At what age should a child be studying independently? I hear this question asked everywhere I go in the homeschool community. Let me just start by saying there is no magical age. Having said that I want to add that if you have a child without any learning disabilities he should definitely be studying independently by the time he's in high school.
Much of a child's success at school is found in his study habits. If as a homeschool mom you spend all your time going over every problem with your child and coaxing him through every page you are doing that child a huge disservice. One of the main goals of parenting is to teach a child to be independent. If you haven't taught your child that by the time they leave home, your child will flounder in the real world.
So how much should the homeschool mother be involved? How independently should a child be working for their grade level? This question has about as many answers are there are homeschool moms. But since this is my blog I will just give you my opinion on this. Bear in mind that I am speaking of the child without special needs.
First grade is almost entirely hands on. Second grade is too. Third grade the child should be more independent. By fourth grade and on up a child should be able to work on their own about 3/4Th's the time.
I am schooling four children this year. They are working in curriculum at 6 different levels; grades K, 1, 2, 3, 4, and 5. Tink is the fifth grader and she is almost 100% independent. Tink would be a 7th grader if she were in public school. But we all know the story of Tink. If you don't you can go over to Dishpan Dribble and click on the Tink label and read about her struggles.
But even though Tink is working independently I go through every one of her workbooks on the weekend. She has a terrible habit of just skipping over a section that she doesn't understand or just doesn't want to do. I go through every subject and circle in red the sections that were skipped or the sections that she got wrong. She self corrects her books but she doesn't always go back and correct the wrong ones after checking them wrong.
As I go along I write on a piece of notebook paper what page each section is on. I tuck the paper into the book and this becomes her first assignment in each subject on Monday morning. Every book has a notebook page of sections she must repeat.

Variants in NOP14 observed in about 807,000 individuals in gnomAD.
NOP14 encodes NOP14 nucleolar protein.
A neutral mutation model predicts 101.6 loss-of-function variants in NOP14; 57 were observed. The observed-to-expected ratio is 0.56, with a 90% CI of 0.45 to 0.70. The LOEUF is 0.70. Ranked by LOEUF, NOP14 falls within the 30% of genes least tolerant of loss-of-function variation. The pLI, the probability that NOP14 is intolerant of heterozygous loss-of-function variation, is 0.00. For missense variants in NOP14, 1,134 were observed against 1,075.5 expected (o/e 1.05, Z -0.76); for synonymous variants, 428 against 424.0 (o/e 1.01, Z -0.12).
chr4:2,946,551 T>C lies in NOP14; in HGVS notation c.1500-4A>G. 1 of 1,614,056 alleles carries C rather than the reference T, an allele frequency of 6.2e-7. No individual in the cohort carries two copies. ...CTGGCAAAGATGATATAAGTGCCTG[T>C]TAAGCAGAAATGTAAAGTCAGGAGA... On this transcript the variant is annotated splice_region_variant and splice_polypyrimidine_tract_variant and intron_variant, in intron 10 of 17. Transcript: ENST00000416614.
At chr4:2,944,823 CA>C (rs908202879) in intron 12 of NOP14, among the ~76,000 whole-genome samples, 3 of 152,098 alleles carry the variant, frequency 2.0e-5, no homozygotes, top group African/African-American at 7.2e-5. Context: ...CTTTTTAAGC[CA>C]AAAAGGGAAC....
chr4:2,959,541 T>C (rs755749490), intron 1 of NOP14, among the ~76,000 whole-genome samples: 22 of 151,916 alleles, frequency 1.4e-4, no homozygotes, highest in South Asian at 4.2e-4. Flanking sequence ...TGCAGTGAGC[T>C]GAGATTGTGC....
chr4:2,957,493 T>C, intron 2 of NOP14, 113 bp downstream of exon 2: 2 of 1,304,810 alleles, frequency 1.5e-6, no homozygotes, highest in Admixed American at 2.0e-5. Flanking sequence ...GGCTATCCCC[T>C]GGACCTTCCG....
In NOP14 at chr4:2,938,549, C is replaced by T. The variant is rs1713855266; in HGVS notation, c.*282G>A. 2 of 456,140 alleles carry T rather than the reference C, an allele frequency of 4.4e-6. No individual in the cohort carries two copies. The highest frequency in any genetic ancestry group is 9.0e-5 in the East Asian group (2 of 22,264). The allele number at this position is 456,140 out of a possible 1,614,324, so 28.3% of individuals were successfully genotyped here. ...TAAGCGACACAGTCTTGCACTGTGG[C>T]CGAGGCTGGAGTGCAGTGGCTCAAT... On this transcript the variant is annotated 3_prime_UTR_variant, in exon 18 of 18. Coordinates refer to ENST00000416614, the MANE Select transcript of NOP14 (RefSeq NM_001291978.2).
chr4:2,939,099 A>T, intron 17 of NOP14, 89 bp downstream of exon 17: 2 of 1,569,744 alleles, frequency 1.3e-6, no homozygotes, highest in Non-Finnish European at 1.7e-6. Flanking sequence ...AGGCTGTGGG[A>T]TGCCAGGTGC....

Before doing any quizzes or end of unit tests Tink has to check with me. I give a cursory look through the book and give her the go ahead or stop her and send her back to do more work. No quiz can be taken until all those little sections skipped have been made up. But sometimes Tink will go ahead with the quiz. Whenever she does this she fails the test.
If after completing, grading and redoing the entire section she still fails the quiz at the end of the unit then I take the section that she got most wrong and give her Extra Practice worksheets until she understands that section. You will find that usually if your child fails quizzes or tests it wont be the entire thing. It will be one or two sections that she just didn't understand thoroughly while going through the workbooks. Pay close attention to the things your child is missing most and concentrate on that area.
I give Tink a lot of independence but she will be 13 in a few weeks and she needs this. I even have her on her own at the charter school on Mondays. It is up to her to get herself from class to class and to write down the assignments and know what her homework is for the week. Again this is practice for life outside my four walls. All this does not come easy for a child with a processing disorder but Tink is doing very well and Im proud of her.
I say she is independent but even then I have her read aloud to me at least three days a week. She either reads from her history book or her reading book. I help her with fluency and comprehension while we read. She also reads the words to me from her word wall every day. Mondays post will have more about how to do a reading class with your child and how to teach them to be fluent readers.
If Tink is going to test out low on something you can count on it that it will be in the vocabulary part of it. She is doing book 5 of Wordly Wise and again I have her read every vocabulary word to me before doing the lesson. You can see that although Tink is basically an independent learner at this point I still need to be involved in a very real way in her learning.
Now you may be wondering why I don't keep a closer eye on Tinks work during the week and why I just go through her books on the weekends. The answer is two fold. I want to teach her to study independently and I don't have the time to check it all while she's doing it. I can tell you though that the parts she skips are becoming fewer and fewer because she's catching on that if she doesn't do them now she has to do them later. This is all part of teaching a child independence.
Now the other three children I follow closely. The first grader never leaves my side- well almost never. I will explain tomorrow how to work with children in grades 1 - 4 so you will more clearly see the progression of total dependence to independence.